The third president, twelve years into a new government, Thomas Jefferson had plenty of work ahead of him when he came into office. He presided over the Louisiana Purchase, the Lewis and Clark Expedition, and the addition of the Ohio Territory to the Union.
Born in 1743, Jefferson became president in 1801 (age 56), presided for eight years, and lived seventeen years longer dying in 1826 (age 83), a few hours before John Adams, 50 years to the day after the Declaration of Independence was signed.
- born and raised in Virginia
- began studying Latin, Greek, and French, age 9
- received classical education, heavy in history and science, age 15-16
- College of William & Mary, studied mathematics, metaphysics, and philosophy, graduating with highest honors, age 16-19
- studied law under George Wythe, age 20-24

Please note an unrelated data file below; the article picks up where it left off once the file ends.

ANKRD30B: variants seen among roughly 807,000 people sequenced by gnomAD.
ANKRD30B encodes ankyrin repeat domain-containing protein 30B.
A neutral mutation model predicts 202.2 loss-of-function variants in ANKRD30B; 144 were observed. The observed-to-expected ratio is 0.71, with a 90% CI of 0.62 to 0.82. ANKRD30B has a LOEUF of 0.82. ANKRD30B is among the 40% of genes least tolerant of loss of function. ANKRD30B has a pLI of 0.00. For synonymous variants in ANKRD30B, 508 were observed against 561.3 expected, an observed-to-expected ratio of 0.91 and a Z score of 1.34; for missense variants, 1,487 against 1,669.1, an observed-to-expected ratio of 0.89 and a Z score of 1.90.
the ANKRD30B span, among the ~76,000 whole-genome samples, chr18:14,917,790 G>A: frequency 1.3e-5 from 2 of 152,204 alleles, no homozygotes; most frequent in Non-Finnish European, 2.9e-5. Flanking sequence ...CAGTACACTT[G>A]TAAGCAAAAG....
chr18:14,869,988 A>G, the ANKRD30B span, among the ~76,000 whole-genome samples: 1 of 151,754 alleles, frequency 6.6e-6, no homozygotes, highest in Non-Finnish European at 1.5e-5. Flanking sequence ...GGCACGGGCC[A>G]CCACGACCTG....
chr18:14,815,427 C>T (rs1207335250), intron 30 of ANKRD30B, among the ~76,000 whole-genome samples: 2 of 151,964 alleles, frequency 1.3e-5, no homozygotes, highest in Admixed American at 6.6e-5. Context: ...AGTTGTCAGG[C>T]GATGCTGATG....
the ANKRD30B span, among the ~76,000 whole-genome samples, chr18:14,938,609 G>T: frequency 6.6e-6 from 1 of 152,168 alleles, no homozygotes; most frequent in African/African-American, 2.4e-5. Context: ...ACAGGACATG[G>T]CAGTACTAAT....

- admitted to the Virginia Bar, age 24
- Wrote A Summary View of the Rights of British America in 1774, age 31
- in a twist of fate, named to replace the intended but sick original author of the Declaration of Independence, age 33
- Virginia legislator, drafted 126 bills, age 33-35
- Governor of Virginia, barely escaped British capture, generally disapproved of, age 36-38
- minister to France, age 42-46
- Secretary of State, under Washington, age 46-49
- co-founded the Democratic-Republican party, to counter the Federalists
- spent Washington’s second term opposing him and Alexander Hamilton, and encouraging James Madison
- lost 1796 election, but became Vice President, age 53-56
After his presidency, Jefferson founded the University of Virginia. Much of the design and architecture was led by him, and he was involved in it as much as possible in its early years.